throughout your career is a good way to be able to stay involved and understand healthcare policy. – It’s interesting; I remember
when we were kind of debating the ACGME 80-hour workweek assessment, and there was a comment that
it didn’t land very well always for the legislative staffers
because they often worked far more than 80 hours a week
when they’re staffing somebody during really difficult times, and I think when you
were on Senate Finance if they were actually debating something, the entire office was there, wasn’t it? – It was there, and you
know, the 80-hour workweek is an interesting example
of sometimes how Washington can work with the community. In a sense, there were so many issues, and you know them better than I do, of how long residents were on duty, over 100 hours, in some cases. And there was a lot of
discussion, a lot of science at that time that said that was too much, and there were problems with handoffs. And legislators started to get involved and policy makers and
said, um, we’re not sure this is a good way to
educate, we’re not sure this is a good way to do patient care, and basically came to the
stakeholder communities like the double-AMC and others, and said, if you folks don’t do
something on your own, we’re going to legislate something. And I think that brought
the community together and got principles, and it was difficult because all of the specialties
have different views on that and they have
different requirements. But it did bring the
community together to say, who is better to determine
how to make this work and how to limit the hours? Us, or policy makers in Washington? And while I just lauded
the skills and the talents of policy makers and staffs in Washington, there’s a limit of what
their knowledge base is. And so to the extent in that example the community did come together and the ACGME changed its requirements so that there wasn’t a need
for congressional action, and oftentimes that’s as
important as doing legislation is to when not to do legislation. And that was a good example you raised. – Yeah, so if we’re gonna
talk to the average employee about why they need to kind of
keep their ear to the ground on what’s going on in Washington, we serve a rural community. We are an academic medical
center, have a lot of research, have a lot of education,
what are the things that people need to just be aware of, ’cause they could affect our ability to actually deliver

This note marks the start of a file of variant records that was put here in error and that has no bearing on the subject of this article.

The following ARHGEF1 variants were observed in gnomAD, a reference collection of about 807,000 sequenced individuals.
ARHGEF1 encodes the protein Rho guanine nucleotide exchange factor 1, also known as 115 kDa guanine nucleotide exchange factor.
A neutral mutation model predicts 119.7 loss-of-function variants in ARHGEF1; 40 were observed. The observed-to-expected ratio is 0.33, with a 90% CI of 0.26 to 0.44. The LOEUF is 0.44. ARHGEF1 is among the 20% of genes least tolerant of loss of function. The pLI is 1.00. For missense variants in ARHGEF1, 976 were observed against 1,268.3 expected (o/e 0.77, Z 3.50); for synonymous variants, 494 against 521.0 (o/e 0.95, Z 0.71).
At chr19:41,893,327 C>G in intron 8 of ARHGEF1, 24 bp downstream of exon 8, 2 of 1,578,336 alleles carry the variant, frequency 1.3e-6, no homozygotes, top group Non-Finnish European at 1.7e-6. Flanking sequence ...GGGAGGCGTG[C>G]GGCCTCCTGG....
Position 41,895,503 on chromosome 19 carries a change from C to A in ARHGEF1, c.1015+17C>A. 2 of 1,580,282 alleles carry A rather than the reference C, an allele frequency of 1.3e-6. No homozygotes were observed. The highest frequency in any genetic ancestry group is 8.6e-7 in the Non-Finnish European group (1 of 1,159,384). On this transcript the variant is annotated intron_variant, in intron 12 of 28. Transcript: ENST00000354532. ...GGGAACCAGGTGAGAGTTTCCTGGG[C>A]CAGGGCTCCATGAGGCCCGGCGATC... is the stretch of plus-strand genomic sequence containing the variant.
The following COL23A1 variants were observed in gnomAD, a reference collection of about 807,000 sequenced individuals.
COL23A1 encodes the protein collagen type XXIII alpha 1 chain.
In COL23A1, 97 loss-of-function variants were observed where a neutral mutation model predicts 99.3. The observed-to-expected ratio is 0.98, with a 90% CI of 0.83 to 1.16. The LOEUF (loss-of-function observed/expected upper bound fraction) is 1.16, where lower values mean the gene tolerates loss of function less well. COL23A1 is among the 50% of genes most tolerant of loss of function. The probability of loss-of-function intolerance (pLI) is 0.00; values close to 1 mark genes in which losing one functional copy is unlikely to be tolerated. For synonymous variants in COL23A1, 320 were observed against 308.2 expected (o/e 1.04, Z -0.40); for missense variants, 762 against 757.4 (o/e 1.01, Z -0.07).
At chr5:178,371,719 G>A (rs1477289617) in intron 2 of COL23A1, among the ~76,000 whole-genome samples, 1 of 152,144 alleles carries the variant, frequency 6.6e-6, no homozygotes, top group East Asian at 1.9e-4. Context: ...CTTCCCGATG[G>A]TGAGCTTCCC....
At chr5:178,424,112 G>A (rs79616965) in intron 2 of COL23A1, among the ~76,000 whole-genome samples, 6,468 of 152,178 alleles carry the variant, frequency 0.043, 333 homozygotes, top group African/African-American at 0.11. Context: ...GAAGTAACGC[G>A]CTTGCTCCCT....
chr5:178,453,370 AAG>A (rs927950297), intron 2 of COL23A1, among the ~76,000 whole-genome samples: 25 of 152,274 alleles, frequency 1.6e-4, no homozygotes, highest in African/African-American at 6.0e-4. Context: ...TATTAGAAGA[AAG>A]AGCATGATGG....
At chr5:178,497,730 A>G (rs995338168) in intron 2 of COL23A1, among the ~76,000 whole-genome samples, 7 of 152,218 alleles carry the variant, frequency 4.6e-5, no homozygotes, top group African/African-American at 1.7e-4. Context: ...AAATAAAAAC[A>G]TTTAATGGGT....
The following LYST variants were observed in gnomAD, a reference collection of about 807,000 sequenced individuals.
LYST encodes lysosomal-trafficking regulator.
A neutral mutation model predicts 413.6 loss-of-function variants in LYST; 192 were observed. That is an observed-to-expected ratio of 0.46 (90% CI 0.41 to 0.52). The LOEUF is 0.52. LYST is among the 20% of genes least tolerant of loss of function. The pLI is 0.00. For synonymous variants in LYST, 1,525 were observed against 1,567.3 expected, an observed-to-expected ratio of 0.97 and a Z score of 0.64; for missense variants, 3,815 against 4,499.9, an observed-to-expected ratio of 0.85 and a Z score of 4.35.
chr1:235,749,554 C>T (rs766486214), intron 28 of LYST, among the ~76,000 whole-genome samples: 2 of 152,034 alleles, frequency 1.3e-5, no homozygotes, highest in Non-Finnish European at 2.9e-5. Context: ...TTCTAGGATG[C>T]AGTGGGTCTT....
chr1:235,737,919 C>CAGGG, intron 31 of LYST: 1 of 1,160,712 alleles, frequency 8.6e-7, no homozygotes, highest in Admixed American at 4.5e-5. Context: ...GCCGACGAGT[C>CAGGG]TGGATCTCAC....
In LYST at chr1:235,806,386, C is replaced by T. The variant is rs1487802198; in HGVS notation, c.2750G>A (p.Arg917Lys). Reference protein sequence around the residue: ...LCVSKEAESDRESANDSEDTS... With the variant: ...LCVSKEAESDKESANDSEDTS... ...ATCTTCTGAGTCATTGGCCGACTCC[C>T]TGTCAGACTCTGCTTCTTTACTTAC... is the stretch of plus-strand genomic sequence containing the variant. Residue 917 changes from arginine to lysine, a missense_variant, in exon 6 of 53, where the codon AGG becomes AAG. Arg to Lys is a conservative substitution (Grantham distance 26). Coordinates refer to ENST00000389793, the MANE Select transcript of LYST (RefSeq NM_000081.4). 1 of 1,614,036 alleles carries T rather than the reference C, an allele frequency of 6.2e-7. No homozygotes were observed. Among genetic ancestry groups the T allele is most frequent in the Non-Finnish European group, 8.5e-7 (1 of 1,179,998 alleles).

those services up here? – Yeah, I think, for one
point, the last two years I think lots of the
country got educated more in healthcare policy and healthcare by virtue of the debate over
the Affordable Care Act, Repeal-and-replace legislation, whether it was the number of uninsured, whether it was the role of Medicaid, whether it was the role of
healthcare and insurance with people with preexisting conditions, so, in a sense, it’s
building on that momentum. But, what is it? 10,000 people are turning 65 every year and going onto the Medicare program, which is a very successful
program for beneficiaries, and so as that program has
changes that could occur to it, people need to be aware of them, either for themselves or for their parents or their grandparents going forward. And I think we’re making more
progress in the rural space with regards to telehealth
and opportunities to have more arrangements so
that an academic medical center lik Dartmouth can reach further
out into the rural areas. I know that your organization
has been very involved in a project that the
double-AMC has help shepherd; it’s the Coordinating
Optimal Referrals Experience to leverage electronic health records and allow specialists to do consults out in the more rural
areas with telehealth. And I see that type of activity
only increasing over time. The research that’s going to be occurring in the next 10 years, we’ve
already seen so much research. And all of it really starts
at academic medical centers, and then there’s a role for
the pharmaceutical companies down the line, but so much
of that research starts and what we have been seeing
over the last five to 10 years, and it’s only going to increase
exponentially in the future is the advances that
we’re seeing in research. And so I think there’s a lot
of excitement in healthcare. It is costly, and that’s
a concern as the country moves forward on fiscal
issues, but I think we all have a responsibility to pay attention to it because it affects each one of us. This is an issue that affects each one of us personally and individually. – So we do have another
question from the audience. “As we all get older, and more
people join AARP crowd …” Every single Sunday newspaper
that comes to my house now has an AARP card application. “… that means more people on Medicare. “Can the federal government handle it, “and what does this mean
for the future of medicine?” – I sort of led into that
question before it came. I think it’s an issue